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US: Stocks hold gains despite key blue-chip earnings drops
[NEW YORK] US stocks mostly ended with modest gains on Thursday despite Goldman Sachs and IBM turning in significant first-quarter earnings disappointments.
But tech stocks were pulled downward by a selloff of Netflix on its weaker-than-expected projections and expectations that Google parent Alphabet will be hit with formal antitrust charges in Europe on Wednesday.
The Dow Jones Industrial Average finished up 49.44 points (0.27 per cent) at 18,053.60.
The broad-based S&P 500 rose 6.46 (0.31 per cent) to 2,100.80.
The tech-rich Nasdaq Composite Index lost 19.69 (0.40 per cent) at 4,940.33, led by Netflix's 13 per cent plunge.
The broader market held up even as Goldman Sachs was the latest big bank to report a significant downturn in the first quarter.
Profits were off by 56 per cent on a 40 per cent drop in revenues to US$6.3 billion.
Goldman shares fell sharply at the opening bell but recovered to add 2.2 per cent. The shares had slid over the past several days in reaction to the poor earnings reports of other major banks.
IBM shares tumbled 5.6 per cent after revenues fell for the 16th straight quarter, down 4.6 per cent from a year ago to US$18.6 billion. But the technology giant, struggling to carve out space in the cloud computing industry, easily beat net earnings forecasts.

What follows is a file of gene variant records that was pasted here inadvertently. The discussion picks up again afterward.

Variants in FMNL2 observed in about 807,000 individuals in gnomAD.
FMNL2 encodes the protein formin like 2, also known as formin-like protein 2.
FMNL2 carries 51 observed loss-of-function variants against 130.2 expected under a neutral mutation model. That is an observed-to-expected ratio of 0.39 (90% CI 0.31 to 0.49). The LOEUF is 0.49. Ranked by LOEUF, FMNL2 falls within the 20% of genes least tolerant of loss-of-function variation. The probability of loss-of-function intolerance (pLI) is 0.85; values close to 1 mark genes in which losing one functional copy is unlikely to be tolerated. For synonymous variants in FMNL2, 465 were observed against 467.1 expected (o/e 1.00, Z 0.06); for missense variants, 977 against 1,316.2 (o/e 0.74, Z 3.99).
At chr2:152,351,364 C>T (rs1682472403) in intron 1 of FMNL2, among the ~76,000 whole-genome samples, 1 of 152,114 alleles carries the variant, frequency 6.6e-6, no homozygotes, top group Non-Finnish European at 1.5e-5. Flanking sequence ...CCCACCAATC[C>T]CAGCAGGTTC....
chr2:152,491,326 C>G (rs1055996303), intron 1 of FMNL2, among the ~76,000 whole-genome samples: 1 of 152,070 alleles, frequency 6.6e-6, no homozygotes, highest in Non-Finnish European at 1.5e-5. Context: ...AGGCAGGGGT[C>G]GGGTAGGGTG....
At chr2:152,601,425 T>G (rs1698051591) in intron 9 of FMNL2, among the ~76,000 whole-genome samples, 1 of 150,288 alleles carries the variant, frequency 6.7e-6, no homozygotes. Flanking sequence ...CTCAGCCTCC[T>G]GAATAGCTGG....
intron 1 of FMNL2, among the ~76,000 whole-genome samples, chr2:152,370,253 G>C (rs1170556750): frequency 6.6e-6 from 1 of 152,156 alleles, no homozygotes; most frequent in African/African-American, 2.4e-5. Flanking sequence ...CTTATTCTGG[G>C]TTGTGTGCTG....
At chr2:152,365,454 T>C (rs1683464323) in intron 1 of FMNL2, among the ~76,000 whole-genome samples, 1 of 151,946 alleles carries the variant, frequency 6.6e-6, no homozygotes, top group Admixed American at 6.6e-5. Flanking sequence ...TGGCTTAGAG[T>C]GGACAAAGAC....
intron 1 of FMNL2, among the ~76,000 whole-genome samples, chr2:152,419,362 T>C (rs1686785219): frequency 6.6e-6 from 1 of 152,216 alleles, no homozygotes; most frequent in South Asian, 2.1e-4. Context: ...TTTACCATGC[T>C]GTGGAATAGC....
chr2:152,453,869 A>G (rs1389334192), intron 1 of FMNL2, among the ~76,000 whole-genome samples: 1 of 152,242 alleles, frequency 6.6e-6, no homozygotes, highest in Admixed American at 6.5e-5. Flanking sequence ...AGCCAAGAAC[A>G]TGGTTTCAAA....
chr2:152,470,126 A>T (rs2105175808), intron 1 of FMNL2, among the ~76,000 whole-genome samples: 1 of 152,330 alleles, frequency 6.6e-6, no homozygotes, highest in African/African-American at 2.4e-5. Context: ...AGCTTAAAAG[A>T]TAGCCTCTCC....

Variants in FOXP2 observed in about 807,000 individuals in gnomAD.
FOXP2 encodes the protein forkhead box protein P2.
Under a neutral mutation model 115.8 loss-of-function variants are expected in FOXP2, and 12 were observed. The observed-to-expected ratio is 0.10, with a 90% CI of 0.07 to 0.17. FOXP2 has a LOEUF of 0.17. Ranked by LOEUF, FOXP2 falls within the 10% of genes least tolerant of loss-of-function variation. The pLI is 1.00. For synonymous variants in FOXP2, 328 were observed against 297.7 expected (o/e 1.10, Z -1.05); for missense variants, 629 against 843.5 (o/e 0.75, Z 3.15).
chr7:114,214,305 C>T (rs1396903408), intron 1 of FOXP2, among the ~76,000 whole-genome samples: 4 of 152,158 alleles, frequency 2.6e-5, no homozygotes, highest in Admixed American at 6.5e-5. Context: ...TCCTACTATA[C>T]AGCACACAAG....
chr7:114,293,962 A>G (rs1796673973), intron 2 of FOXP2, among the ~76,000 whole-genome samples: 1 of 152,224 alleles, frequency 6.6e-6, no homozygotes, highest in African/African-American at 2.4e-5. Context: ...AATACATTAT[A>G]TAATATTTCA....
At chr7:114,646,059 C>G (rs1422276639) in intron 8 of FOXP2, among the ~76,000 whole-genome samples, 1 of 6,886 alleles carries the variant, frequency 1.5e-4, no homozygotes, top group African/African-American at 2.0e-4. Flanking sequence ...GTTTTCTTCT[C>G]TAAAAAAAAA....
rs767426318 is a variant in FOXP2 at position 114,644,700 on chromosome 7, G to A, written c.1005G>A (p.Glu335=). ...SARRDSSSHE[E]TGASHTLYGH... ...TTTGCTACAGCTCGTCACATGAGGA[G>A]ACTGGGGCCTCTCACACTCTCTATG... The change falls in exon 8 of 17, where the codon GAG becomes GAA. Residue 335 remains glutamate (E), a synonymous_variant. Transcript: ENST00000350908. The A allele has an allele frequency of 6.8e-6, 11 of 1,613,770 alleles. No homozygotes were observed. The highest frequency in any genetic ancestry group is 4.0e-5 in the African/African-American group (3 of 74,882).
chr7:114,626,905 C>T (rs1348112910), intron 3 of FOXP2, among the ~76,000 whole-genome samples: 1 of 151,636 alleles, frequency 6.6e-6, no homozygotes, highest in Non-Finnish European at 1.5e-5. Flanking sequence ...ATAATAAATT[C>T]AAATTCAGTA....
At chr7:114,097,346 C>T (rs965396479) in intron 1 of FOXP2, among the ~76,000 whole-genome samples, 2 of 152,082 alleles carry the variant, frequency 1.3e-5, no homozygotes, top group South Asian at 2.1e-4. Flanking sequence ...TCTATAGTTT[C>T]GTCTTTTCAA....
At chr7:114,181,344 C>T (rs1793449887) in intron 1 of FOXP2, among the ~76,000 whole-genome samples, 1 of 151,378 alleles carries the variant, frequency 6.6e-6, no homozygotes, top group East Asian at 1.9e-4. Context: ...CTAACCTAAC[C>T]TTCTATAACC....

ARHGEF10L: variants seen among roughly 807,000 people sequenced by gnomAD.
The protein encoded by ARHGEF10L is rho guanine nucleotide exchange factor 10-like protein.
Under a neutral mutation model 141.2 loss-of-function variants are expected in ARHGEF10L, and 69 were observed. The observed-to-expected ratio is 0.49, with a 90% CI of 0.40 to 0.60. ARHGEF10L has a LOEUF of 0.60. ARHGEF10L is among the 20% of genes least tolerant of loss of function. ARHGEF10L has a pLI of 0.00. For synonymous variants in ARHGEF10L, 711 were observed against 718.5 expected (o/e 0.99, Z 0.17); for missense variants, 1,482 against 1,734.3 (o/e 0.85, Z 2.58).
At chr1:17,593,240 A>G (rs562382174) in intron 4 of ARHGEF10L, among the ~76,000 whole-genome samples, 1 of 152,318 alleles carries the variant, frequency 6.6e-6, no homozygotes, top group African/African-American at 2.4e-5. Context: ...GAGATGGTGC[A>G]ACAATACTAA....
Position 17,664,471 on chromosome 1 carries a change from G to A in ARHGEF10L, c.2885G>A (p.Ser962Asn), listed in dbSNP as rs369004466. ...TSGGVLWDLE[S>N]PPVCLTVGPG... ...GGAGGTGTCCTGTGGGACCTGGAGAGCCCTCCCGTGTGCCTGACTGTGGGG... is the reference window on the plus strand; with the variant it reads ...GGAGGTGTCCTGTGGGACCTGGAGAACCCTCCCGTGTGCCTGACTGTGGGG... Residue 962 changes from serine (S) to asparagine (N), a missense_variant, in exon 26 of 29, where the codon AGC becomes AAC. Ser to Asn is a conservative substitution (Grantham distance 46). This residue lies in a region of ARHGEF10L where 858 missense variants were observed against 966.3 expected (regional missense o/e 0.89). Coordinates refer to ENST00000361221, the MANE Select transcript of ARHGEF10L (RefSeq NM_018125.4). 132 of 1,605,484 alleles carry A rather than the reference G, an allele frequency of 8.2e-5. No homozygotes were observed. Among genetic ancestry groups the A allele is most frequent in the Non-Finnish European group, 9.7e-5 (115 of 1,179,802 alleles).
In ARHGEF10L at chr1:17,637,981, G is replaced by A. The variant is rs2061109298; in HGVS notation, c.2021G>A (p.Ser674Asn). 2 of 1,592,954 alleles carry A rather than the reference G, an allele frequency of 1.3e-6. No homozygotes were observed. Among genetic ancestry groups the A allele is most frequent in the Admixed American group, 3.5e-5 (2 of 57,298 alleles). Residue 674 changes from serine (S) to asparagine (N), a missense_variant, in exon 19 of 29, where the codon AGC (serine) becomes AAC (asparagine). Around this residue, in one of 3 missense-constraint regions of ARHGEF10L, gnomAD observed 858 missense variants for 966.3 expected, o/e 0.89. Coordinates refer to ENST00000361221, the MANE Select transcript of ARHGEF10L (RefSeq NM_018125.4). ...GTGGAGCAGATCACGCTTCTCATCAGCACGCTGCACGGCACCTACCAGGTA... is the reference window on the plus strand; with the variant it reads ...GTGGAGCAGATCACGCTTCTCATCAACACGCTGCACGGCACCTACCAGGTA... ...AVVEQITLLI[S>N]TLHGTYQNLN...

Even so, overall the Dow and S&P 500 were supported by strong quarterly earnings reports from Johnson & Johnson, which rose 1.6 per cent, and UnitedHealth Group, up 2.1 per cent.
Peter Cardillo of First Standard Financial said the market "is looking tired. The earnings are coming in, most of the companies are beating expectations - that were low, obviously." "I think it's only a matter of time before this market runs out of steam and has a little bit of a correction."
Tech stocks were pulled lower after Netflix warned investors that subscription gains would be slower than expected, just 500,000 US subscribers in the current quarter, about 15 per cent below analyst predictions.
Google dropped 1.7 per cent as it faced possible charges in Europe over how it markets its Android operating system, which dominates the cellphone industry.
The European Union is looking at whether Google gives unfair prominence to its own apps such as maps or music streaming in deals with mobile manufacturers such as Samsung or Huawei.